Even royal family fans sometimes get Queen Elizabeth II’s title or address her in the wrong manner. But it’s not surprising since Her Majesty is the longest-reigning monarch, and her title has changed a lot over the years.

Most people are probably thinking that addressing her as “Your Royal Highness” is the proper way to do it. Apparently, it’s not. The reason for that is that it can be used to address any member of the royal family except the Queen herself.

There are some variations depending on sex when addressing royal family members. For instance, one can address any male member with “Your Royal Highness,” and the female members are “Your Highness.” But that’s only when addressing them for the first time. One can later refer to them as “Ma’am” or “Sir” during the rest of the conversation.

Queen Elizabeth II’s title has changed a lot of times over the years. When her late father was still the Duke of York, her title was Her Royal Highness Princess Elizabeth of York. But after her father became the king in 1936, the “York” was dropped from her official title since her father was no longer the Duke of York.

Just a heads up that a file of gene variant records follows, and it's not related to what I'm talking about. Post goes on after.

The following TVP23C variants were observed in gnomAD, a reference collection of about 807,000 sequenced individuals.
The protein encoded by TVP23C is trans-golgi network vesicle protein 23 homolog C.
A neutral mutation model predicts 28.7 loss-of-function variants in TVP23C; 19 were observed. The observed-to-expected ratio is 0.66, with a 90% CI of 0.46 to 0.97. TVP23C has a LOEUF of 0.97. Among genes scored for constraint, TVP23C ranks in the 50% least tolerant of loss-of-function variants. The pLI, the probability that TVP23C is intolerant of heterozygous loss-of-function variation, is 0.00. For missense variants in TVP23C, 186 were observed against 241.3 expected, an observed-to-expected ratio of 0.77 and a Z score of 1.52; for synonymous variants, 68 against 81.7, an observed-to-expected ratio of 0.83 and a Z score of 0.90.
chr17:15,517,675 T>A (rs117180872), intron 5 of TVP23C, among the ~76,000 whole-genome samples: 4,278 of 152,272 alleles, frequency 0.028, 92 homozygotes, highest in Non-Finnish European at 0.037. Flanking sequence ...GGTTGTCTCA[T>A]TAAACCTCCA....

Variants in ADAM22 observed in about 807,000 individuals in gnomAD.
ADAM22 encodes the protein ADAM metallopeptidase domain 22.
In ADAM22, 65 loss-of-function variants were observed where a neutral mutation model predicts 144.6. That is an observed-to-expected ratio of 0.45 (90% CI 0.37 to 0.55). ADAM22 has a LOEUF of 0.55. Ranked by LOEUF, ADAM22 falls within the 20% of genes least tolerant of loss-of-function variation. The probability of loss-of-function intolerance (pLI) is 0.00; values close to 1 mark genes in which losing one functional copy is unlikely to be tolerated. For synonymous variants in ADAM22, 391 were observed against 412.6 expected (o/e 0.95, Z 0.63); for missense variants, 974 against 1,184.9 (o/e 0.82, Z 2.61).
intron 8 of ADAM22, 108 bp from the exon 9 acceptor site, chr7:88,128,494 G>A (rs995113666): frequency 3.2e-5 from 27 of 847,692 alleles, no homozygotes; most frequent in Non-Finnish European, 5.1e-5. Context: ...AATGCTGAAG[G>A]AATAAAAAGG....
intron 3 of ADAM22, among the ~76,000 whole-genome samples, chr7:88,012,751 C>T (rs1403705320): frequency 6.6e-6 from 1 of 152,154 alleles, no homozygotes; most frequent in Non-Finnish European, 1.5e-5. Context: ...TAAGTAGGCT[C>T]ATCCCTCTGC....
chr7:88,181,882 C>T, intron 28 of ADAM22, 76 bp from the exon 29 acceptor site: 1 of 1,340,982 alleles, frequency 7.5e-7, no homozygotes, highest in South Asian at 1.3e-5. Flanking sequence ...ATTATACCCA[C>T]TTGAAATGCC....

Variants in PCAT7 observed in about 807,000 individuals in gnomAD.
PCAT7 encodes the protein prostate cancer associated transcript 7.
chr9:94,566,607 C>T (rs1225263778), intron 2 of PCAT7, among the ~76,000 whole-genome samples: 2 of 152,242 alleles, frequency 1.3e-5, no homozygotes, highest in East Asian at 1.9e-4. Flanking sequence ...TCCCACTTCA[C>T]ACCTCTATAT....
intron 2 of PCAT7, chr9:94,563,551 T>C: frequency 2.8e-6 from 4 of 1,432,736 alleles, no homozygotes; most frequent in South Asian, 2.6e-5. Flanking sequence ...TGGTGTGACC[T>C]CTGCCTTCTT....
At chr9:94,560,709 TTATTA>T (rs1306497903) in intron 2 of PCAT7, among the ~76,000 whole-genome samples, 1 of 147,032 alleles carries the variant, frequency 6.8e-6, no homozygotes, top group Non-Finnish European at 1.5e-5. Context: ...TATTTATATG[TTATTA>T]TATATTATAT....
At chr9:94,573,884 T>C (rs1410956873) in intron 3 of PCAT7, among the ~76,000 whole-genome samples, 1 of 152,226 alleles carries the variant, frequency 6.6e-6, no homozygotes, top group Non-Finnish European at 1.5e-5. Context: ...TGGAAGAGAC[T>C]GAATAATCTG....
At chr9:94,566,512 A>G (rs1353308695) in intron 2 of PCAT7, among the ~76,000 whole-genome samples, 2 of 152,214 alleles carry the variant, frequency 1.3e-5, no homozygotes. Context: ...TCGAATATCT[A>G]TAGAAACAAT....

But her title changed soon after she married Prince Phillip in 1947. Since her husband became the Duke of Edinburgh, her formal title likewise reflected the change and became Her Royal Highness the Princess Elizabeth, Duchess of Edinburgh.

Of course, that too changed five years after. After her coronation in 1952, her official title had to be changed as well to reflect her now elevated status.

Thus, people can now address her by her formal title, which is quite a mouthful. The full title should be “Elizabeth II, by the Grace of God, of the United Kingdom of Great Britain and Northern Ireland and of her other realms and territories Queen, Head of the Commonwealth, Defender of the Faith.”

But even the royal family seems to acknowledge that using the full title is a bit too lengthy. Thus, one can find that in their official site, she is referred to as Her Majesty the Queen.

Queen Elizabeth Britain's Queen Elizabeth II gestures during a visit to the Science Museum in London on March 7, 2019. SIMON DAWSON/AFP/Getty Images